A religious Oregon couple didn’t believe in medical care. After newborn’s death, they’re headed to prison.

The deputy medical examiner knew before knocking on the door. There was a grim scene waiting for Eric Tonsfeldt inside the single-story house set among the pine trees outside of Oregon City, Ore. — a tragedy that had played out there before. It was around 8:45 on March 5, 2017, and the Clackamas County official was responding to a report of a dead newborn.

The child had not been delivered in a hospital. She wasn’t attended to by doctors and nurses. The baby died amid the murmured prayers of friends and family. But Tonsfeldt knew — as everyone else in the county and many beyond all the way up to the state legislature — that this was a familiar occurrence with members of the Followers of Christ Church, a faith-healing sect numbering around 1,000 members.

Tonsfeldt found the newborn’s mother, Sarah Elaine Mitchell, in the master bedroom cradling the dead child in a blanket. As the official later recounted in a probable cause affidavit obtained by KGW8, the child’s father, Travis Lee Mitchell, was also in the room, as was Sarah’s father, Walter White. Tonsfeldt would say that when he questioned the individuals in the room about the death, the answers were “stilted and forced.” No one would make eye contact. Eventually, he learned the baby — Ginnifer — had been born around 2:55 p.m. Hours later, the baby stopped breathing, dying around 7 p.m. As Tonsfeldt examined the child, he noted Ginnifer was 3 pounds, 6 ounces. The baby had been born prematurely at 32 weeks.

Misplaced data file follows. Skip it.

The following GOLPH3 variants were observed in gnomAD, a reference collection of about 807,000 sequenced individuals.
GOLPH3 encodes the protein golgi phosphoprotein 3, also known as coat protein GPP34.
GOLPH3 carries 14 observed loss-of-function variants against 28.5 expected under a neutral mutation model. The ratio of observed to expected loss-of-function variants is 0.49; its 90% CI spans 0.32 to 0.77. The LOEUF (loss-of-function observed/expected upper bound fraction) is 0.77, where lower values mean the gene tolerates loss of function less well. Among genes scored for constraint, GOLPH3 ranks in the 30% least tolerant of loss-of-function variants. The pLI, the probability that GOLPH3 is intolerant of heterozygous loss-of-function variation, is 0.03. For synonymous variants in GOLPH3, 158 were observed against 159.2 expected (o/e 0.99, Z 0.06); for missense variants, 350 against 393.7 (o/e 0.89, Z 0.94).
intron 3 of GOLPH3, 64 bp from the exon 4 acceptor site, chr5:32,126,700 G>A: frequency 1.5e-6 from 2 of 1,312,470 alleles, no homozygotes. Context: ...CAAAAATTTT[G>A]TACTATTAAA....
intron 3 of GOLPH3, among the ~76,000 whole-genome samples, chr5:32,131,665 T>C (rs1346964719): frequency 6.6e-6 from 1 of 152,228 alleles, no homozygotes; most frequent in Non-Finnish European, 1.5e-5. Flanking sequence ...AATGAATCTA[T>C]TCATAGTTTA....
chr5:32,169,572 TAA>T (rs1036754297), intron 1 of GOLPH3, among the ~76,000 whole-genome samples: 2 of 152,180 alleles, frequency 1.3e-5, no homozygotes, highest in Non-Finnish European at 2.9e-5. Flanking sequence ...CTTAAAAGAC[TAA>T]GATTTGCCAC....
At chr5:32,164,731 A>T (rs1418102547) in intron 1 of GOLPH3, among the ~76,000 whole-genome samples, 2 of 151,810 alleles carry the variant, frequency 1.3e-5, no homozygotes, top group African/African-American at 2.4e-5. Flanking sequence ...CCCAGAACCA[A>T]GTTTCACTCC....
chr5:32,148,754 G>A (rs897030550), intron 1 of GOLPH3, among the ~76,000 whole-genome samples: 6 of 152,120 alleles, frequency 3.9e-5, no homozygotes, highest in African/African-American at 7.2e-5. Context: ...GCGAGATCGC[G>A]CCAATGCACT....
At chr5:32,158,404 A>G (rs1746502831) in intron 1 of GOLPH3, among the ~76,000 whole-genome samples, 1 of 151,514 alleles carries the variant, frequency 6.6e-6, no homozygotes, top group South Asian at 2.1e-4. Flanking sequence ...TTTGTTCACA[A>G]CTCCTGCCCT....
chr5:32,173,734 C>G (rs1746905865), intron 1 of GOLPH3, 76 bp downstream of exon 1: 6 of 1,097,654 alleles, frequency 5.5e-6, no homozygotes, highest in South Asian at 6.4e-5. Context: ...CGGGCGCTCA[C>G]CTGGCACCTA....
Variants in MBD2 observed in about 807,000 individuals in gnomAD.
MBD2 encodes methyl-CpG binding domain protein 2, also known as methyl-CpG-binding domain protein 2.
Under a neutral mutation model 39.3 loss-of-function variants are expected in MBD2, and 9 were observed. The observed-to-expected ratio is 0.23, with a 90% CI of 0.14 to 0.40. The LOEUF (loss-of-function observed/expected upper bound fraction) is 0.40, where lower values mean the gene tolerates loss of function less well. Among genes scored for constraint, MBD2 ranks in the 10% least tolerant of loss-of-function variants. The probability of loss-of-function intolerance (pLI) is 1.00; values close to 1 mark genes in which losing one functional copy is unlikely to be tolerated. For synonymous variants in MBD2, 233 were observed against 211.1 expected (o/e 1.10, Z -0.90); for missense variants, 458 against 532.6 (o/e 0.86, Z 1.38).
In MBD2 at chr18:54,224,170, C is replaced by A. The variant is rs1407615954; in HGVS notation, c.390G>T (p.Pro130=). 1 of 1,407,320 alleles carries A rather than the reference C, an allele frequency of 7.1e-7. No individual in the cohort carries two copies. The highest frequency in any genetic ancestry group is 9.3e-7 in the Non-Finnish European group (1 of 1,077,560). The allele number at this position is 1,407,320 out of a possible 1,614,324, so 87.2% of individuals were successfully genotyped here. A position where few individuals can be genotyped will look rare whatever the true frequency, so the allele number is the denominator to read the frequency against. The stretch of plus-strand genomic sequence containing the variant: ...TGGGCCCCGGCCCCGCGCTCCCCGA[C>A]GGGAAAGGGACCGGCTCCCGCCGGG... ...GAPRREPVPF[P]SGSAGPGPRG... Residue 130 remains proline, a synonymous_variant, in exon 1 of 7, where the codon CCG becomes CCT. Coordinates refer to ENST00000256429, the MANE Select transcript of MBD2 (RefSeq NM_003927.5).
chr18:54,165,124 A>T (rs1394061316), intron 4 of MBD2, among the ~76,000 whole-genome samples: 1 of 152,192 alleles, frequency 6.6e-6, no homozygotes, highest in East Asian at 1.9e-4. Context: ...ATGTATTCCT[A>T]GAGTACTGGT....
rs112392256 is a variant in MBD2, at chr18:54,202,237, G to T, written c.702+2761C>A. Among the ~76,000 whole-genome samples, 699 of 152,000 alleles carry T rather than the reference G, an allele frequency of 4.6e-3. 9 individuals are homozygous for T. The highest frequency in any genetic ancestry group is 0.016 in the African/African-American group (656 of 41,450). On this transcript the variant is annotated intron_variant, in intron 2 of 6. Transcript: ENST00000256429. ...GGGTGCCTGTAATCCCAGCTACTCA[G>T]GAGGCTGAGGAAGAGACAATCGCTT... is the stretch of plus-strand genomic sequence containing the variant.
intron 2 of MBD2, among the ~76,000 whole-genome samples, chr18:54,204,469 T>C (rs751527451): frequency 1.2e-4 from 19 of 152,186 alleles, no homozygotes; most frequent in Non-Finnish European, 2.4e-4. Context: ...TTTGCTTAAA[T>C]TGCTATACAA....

Only then did the family tell Tonsfeldt about the twin born alongside Ginnifer. When Tonsfeldt inspected Evelyn, he told the family the surviving child was “at medical risk” and must go to the hospital. He told the family twice.

“Thank you for your input,” Walter White replied both times, according to KGW8.

On Monday, Ginnifer’s parents Sarah and Travis Mitchell — 25 and 22, respectively — both pleaded guilty to criminal negligent homicide and criminal mistreatment, Clackamas County District Attorney John S. Foote announced in a statement.

The Mitchells are the fifth set of parents from the Followers of Christ Church to face criminal charges after failing to secure medical attention for their children in the past nine years, according to the prosecutor. In 2009, Sarah Mitchell’s sister Shannon Hickman delivered a premature baby boy in the same room where Ginnifer died, according to the Oregonian. The child passed away eight hours after his birth, and later both Hickman and her husband were convicted of second-degree manslaughter.

“For far too long, children in this church have been needlessly suffering and dying because their parents, as a condition of their religious beliefs, have refused to seek medical care for their children,” the district attorney’s office stated. “And for the past 17½ years, the Clackamas County District Attorney’s Office has been working diligently to hold criminally responsible any parents who fail to provide adequate medical care for their children which causes their death or serious physical injury.”

As a sign of the church’s willingness to finally stop the pattern of newborn deaths, the church agreed as part of the plea agreement to post the following statement inside its building: “Everyone in the church should always seek adequate medical care for our children.”

Read the full story at The Washington Post